I hear ya, Job

Posted on October 13, 2012


After some fairly devastating girl problems last night, followed by some celebrating of a good friend’s birthday combined with commiserating over aforementioned girl problems, I was more than ready to saddle up and take the train back home for some recuperation and relaxation.

My usual route to the Metra is to take the Belmont bus all the way west to the blue line, take the blue line several stops north and pick up the Metra at Jefferson Park. A little segmented, but I’ve found it shaves off about 15 minutes versus taking the El all the way to the loop and walking to Ogilvie.

I usually give myself 45 minutes for the westbound bus ride but, given the unusually dismal trend events had taken last night, I gave myself a couple extra minutes to hopefully account for any additional transit woes typical of the CTA.

I boarded the bus and we started westward, but we only made it a couple blocks before I realized, to my horror, that construction crews were not only tearing up Halsted perpendicular to our path, but they’d also decided to close down Clark as well one more street down. We inched along down to Sheffield and the brown line, a trek I’ve usually walked the last couple days because it was faster than the bus.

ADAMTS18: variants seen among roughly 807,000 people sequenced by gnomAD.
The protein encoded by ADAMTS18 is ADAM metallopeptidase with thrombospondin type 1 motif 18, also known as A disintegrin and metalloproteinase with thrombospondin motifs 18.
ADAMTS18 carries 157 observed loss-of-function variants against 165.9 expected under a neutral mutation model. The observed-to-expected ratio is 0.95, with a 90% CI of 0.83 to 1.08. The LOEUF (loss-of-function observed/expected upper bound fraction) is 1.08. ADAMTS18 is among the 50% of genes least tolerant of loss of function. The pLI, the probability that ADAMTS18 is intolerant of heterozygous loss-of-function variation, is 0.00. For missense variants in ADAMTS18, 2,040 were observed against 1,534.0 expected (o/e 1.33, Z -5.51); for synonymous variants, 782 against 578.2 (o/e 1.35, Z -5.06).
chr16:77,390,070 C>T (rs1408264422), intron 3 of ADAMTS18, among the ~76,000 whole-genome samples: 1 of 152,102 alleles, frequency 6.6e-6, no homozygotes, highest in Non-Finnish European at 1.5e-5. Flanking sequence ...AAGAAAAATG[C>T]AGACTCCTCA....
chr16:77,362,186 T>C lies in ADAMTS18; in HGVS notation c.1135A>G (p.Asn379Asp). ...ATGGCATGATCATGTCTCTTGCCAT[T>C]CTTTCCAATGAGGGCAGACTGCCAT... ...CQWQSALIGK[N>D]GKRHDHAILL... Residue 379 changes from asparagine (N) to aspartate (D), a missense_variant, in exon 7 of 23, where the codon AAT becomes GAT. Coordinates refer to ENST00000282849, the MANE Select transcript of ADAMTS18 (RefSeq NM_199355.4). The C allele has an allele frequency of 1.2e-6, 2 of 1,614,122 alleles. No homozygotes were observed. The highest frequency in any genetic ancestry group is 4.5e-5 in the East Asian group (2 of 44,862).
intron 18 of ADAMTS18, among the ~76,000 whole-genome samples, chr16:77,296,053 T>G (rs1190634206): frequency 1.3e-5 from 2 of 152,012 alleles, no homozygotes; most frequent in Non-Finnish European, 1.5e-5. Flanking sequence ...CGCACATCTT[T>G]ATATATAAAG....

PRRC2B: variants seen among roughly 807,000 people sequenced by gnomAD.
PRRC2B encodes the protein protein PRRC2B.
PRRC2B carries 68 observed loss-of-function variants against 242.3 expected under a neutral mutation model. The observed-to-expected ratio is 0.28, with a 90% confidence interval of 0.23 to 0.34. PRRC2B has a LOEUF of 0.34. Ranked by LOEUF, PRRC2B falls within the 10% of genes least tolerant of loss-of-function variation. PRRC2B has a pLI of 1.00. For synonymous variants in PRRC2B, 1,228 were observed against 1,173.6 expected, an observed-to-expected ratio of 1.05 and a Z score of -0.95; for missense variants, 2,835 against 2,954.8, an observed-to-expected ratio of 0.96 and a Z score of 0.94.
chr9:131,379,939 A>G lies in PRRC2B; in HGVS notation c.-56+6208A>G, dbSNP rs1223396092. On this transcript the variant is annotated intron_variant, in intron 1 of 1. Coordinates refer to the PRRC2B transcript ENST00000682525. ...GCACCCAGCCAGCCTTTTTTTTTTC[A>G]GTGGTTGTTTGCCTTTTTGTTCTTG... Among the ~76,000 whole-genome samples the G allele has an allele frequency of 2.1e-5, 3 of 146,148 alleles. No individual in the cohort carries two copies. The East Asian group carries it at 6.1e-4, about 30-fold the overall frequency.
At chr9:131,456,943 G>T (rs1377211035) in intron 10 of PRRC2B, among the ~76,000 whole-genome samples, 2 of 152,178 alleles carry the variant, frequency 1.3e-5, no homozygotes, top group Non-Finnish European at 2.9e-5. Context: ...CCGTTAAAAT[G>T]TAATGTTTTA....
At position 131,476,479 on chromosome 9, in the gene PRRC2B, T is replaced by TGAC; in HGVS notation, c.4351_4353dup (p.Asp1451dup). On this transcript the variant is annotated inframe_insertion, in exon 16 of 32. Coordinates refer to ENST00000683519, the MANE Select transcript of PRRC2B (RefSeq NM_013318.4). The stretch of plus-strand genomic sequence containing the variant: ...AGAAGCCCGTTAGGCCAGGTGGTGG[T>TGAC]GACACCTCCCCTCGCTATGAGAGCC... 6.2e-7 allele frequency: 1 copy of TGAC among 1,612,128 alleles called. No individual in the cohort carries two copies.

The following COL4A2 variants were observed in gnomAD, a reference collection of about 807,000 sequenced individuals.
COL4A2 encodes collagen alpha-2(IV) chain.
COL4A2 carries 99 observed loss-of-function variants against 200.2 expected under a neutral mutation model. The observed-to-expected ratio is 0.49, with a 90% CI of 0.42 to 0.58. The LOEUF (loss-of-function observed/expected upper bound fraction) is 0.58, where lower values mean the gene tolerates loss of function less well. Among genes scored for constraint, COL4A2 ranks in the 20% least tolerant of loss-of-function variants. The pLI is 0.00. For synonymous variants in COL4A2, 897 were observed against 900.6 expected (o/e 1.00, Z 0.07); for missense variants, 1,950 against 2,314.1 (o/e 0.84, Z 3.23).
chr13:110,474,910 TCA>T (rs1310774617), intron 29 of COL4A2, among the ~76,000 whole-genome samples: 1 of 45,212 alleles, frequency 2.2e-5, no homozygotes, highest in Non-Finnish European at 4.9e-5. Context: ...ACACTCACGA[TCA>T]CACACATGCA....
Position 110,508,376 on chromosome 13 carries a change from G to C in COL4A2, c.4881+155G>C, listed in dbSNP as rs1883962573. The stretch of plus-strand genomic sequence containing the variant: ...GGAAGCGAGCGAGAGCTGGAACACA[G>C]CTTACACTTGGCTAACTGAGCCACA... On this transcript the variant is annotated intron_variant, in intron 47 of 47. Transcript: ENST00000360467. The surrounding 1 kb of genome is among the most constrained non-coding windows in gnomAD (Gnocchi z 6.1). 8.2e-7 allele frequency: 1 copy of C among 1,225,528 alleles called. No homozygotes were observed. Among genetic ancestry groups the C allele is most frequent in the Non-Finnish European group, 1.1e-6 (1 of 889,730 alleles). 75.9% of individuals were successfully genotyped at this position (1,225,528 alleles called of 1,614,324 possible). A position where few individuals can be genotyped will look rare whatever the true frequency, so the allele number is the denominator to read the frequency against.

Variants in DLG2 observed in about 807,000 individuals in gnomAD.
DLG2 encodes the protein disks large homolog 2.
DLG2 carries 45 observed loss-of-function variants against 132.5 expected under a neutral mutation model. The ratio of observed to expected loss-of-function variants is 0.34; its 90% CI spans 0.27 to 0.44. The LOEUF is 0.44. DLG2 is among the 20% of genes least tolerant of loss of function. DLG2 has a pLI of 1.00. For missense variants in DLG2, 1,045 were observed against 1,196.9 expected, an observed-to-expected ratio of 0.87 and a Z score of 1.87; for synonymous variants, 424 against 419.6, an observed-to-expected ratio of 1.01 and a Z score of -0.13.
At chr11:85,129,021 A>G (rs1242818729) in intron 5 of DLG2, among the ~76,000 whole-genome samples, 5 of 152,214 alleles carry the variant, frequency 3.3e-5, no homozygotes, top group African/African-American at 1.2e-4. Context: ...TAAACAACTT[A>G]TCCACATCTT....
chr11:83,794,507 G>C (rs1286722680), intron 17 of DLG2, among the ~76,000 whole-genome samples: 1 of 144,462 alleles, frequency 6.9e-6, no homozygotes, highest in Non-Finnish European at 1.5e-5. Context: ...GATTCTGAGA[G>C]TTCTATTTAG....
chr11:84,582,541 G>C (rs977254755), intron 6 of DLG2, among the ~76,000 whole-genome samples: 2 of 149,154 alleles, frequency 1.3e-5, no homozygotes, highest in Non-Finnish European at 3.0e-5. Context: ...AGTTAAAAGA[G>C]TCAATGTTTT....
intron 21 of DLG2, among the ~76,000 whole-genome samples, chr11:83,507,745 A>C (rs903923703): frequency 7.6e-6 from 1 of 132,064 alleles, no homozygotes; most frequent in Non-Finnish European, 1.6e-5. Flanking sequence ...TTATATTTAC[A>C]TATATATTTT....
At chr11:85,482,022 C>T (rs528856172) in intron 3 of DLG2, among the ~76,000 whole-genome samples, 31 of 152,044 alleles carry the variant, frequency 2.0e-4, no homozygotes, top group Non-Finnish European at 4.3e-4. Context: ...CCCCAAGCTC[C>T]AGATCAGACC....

OK, I thought as we cleared the gridlock, we made it out and my couple extra minutes have been accounted for. Let’s burn rubber.

Apparently the bus driver was perfectly in tune with my thought patterns, because he turned on the warp engines and hauled ass for the next several blocks. So much so that it prompted the woman at the front of the bus, who I soon wanted to punch in her stupid face, to chide the bus driver, “Slow down, you’re going too fast.”

Luckily he didn’t listen to her and we made record time to the blue line, so much so that it was the first time I was compelled to exit the front of the bus and give the driver a hearty “Thank you.”

Usually my hookup to the blue line is fairly smooth — a train arrives not long after I get in the station. But, this being part of a particularly unfortunate turn of events, meant that not only did my transit pass not work in the turnstile and I had to have the attendant let me in, but the train also was 8 minutes away. It was 10:38. My Metra was at 10:48. Checking the train tracker, I found that Metra’s characteristic tardiness might actually work in my favor for once — the train was two minutes late.

Feeling like this was going to be a pretty close connection but still pretty good with my chances, I saw the El headlights in the tunnel, approaching the platform.

And then they stopped. In the tunnel. You’ve gotta be kidding me, I thought. They stood there glaring at us in the tunnel for a good five minutes. I could practically see the driver painting a giant middle finger on the front of the train.